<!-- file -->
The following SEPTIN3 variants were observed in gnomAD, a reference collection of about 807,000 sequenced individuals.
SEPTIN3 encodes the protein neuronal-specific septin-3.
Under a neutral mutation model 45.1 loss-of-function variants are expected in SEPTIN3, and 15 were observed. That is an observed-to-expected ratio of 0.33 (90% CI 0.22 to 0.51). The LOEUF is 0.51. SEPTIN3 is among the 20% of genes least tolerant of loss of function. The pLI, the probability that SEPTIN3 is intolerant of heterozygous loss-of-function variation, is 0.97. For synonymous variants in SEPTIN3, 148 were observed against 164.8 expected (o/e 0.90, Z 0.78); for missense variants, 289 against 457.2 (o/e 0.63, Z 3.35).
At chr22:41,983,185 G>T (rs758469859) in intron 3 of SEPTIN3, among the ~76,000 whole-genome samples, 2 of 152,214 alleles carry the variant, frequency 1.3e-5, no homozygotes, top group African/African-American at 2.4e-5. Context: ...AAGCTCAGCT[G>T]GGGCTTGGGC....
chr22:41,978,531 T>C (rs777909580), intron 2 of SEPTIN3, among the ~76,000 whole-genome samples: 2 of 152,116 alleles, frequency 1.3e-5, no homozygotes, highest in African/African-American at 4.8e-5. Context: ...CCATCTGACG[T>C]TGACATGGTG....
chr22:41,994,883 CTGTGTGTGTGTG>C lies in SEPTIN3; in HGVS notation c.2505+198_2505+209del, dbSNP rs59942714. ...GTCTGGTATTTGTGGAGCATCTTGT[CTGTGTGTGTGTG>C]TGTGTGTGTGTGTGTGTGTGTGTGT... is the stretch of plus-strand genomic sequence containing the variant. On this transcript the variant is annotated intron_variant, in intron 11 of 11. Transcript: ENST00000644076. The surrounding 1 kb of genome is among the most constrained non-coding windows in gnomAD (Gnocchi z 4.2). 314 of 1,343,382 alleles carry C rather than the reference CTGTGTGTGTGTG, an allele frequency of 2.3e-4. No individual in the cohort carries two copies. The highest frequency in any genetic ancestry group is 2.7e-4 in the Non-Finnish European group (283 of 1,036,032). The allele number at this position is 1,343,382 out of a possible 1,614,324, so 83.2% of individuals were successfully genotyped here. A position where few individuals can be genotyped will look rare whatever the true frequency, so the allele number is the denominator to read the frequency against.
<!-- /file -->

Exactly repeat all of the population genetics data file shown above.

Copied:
The following SEPTIN3 variants were observed in gnomAD, a reference collection of about 807,000 sequenced individuals.
SEPTIN3 encodes the protein neuronal-specific septin-3.
Under a neutral mutation model 45.1 loss-of-function variants are expected in SEPTIN3, and 15 were observed. That is an observed-to-expected ratio of 0.33 (90% CI 0.22 to 0.51). The LOEUF is 0.51. SEPTIN3 is among the 20% of genes least tolerant of loss of function. The pLI, the probability that SEPTIN3 is intolerant of heterozygous loss-of-function variation, is 0.97. For synonymous variants in SEPTIN3, 148 were observed against 164.8 expected (o/e 0.90, Z 0.78); for missense variants, 289 against 457.2 (o/e 0.63, Z 3.35).
At chr22:41,983,185 G>T (rs758469859) in intron 3 of SEPTIN3, among the ~76,000 whole-genome samples, 2 of 152,214 alleles carry the variant, frequency 1.3e-5, no homozygotes, top group African/African-American at 2.4e-5. Context: ...AAGCTCAGCT[G>T]GGGCTTGGGC....
chr22:41,978,531 T>C (rs777909580), intron 2 of SEPTIN3, among the ~76,000 whole-genome samples: 2 of 152,116 alleles, frequency 1.3e-5, no homozygotes, highest in African/African-American at 4.8e-5. Context: ...CCATCTGACG[T>C]TGACATGGTG....
chr22:41,994,883 CTGTGTGTGTGTG>C lies in SEPTIN3; in HGVS notation c.2505+198_2505+209del, dbSNP rs59942714. ...GTCTGGTATTTGTGGAGCATCTTGT[CTGTGTGTGTGTG>C]TGTGTGTGTGTGTGTGTGTGTGTGT... is the stretch of plus-strand genomic sequence containing the variant. On this transcript the variant is annotated intron_variant, in intron 11 of 11. Transcript: ENST00000644076. The surrounding 1 kb of genome is among the most constrained non-coding windows in gnomAD (Gnocchi z 4.2). 314 of 1,343,382 alleles carry C rather than the reference CTGTGTGTGTGTG, an allele frequency of 2.3e-4. No individual in the cohort carries two copies. The highest frequency in any genetic ancestry group is 2.7e-4 in the Non-Finnish European group (283 of 1,036,032). The allele number at this position is 1,343,382 out of a possible 1,614,324, so 83.2% of individuals were successfully genotyped here. A position where few individuals can be genotyped will look rare whatever the true frequency, so the allele number is the denominator to read the frequency against.